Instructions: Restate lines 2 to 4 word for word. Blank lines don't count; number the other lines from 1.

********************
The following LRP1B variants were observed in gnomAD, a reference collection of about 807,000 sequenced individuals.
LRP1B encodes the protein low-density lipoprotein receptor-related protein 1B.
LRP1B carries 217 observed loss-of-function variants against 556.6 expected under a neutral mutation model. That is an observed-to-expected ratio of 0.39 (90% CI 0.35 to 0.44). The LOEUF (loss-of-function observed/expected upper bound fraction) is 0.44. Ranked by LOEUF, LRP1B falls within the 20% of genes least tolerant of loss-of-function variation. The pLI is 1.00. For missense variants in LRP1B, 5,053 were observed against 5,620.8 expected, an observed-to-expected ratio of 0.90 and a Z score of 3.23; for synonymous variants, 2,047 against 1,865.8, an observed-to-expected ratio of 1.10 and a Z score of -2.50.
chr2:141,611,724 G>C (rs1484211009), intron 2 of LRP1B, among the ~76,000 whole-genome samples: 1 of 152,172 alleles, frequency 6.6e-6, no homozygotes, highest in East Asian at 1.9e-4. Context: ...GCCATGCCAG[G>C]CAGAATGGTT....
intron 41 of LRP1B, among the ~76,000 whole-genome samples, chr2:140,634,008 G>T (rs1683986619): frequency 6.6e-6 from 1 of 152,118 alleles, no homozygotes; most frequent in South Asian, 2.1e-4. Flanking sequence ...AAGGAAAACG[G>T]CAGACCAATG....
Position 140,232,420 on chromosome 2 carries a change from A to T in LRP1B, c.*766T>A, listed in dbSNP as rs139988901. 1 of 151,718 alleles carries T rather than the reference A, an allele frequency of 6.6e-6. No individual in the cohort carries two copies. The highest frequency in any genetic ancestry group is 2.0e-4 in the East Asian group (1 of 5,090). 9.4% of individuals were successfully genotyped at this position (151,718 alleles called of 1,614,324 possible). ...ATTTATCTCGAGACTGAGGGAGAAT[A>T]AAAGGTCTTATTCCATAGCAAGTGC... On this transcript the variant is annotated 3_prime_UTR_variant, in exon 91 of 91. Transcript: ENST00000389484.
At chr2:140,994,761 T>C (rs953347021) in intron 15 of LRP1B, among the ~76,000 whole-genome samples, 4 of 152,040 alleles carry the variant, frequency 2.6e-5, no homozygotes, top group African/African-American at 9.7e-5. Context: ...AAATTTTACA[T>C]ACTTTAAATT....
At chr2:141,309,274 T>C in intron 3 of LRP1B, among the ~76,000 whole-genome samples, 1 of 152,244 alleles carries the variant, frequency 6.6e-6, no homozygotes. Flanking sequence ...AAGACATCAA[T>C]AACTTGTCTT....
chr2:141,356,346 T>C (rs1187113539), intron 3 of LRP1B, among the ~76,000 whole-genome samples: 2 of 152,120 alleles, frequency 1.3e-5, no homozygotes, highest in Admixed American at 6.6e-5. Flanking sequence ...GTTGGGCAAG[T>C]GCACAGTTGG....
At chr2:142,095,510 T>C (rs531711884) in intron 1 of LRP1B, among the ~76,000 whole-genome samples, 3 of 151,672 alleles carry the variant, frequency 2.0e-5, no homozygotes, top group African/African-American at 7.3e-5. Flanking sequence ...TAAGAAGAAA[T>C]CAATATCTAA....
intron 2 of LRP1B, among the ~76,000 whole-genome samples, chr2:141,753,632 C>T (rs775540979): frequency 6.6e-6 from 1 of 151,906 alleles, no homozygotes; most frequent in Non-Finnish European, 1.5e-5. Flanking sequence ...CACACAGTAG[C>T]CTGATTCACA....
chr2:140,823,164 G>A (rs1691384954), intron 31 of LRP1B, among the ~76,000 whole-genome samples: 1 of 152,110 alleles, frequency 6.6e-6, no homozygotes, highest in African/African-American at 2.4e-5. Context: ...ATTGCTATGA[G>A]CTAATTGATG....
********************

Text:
LRP1B encodes the protein low-density lipoprotein receptor-related protein 1B.
LRP1B carries 217 observed loss-of-function variants against 556.6 expected under a neutral mutation model. That is an observed-to-expected ratio of 0.39 (90% CI 0.35 to 0.44). The LOEUF (loss-of-function observed/expected upper bound fraction) is 0.44. Ranked by LOEUF, LRP1B falls within the 20% of genes least tolerant of loss-of-function variation. The pLI is 1.00. For missense variants in LRP1B, 5,053 were observed against 5,620.8 expected, an observed-to-expected ratio of 0.90 and a Z score of 3.23; for synonymous variants, 2,047 against 1,865.8, an observed-to-expected ratio of 1.10 and a Z score of -2.50.
chr2:141,611,724 G>C (rs1484211009), intron 2 of LRP1B, among the ~76,000 whole-genome samples: 1 of 152,172 alleles, frequency 6.6e-6, no homozygotes, highest in East Asian at 1.9e-4. Context: ...GCCATGCCAG[G>C]CAGAATGGTT....